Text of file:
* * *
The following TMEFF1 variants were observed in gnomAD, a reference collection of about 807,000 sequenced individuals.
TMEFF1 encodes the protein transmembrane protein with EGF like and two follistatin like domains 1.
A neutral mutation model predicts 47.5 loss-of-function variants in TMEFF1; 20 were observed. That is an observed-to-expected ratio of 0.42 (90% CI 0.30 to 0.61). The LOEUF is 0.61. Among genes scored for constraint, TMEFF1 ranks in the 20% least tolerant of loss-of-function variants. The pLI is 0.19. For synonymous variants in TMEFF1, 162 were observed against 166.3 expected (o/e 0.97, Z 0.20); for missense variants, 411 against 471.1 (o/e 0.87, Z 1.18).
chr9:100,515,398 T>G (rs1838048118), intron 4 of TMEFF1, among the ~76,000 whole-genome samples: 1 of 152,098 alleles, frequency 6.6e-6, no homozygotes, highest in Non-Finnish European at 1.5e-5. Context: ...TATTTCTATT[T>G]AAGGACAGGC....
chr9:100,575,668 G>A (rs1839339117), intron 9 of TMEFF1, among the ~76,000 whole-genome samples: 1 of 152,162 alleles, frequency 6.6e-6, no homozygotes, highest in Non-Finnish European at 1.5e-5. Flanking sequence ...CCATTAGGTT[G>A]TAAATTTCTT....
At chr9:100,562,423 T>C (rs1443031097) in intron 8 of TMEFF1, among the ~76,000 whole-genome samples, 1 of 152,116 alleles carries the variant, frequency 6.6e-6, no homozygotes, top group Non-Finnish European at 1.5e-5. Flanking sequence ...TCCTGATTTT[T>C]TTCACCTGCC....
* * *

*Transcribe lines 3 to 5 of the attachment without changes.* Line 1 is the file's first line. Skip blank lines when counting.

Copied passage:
A neutral mutation model predicts 47.5 loss-of-function variants in TMEFF1; 20 were observed. That is an observed-to-expected ratio of 0.42 (90% CI 0.30 to 0.61). The LOEUF is 0.61. Among genes scored for constraint, TMEFF1 ranks in the 20% least tolerant of loss-of-function variants. The pLI is 0.19. For synonymous variants in TMEFF1, 162 were observed against 166.3 expected (o/e 0.97, Z 0.20); for missense variants, 411 against 471.1 (o/e 0.87, Z 1.18).
chr9:100,515,398 T>G (rs1838048118), intron 4 of TMEFF1, among the ~76,000 whole-genome samples: 1 of 152,098 alleles, frequency 6.6e-6, no homozygotes, highest in Non-Finnish European at 1.5e-5. Context: ...TATTTCTATT[T>G]AAGGACAGGC....
chr9:100,575,668 G>A (rs1839339117), intron 9 of TMEFF1, among the ~76,000 whole-genome samples: 1 of 152,162 alleles, frequency 6.6e-6, no homozygotes, highest in Non-Finnish European at 1.5e-5. Flanking sequence ...CCATTAGGTT[G>A]TAAATTTCTT....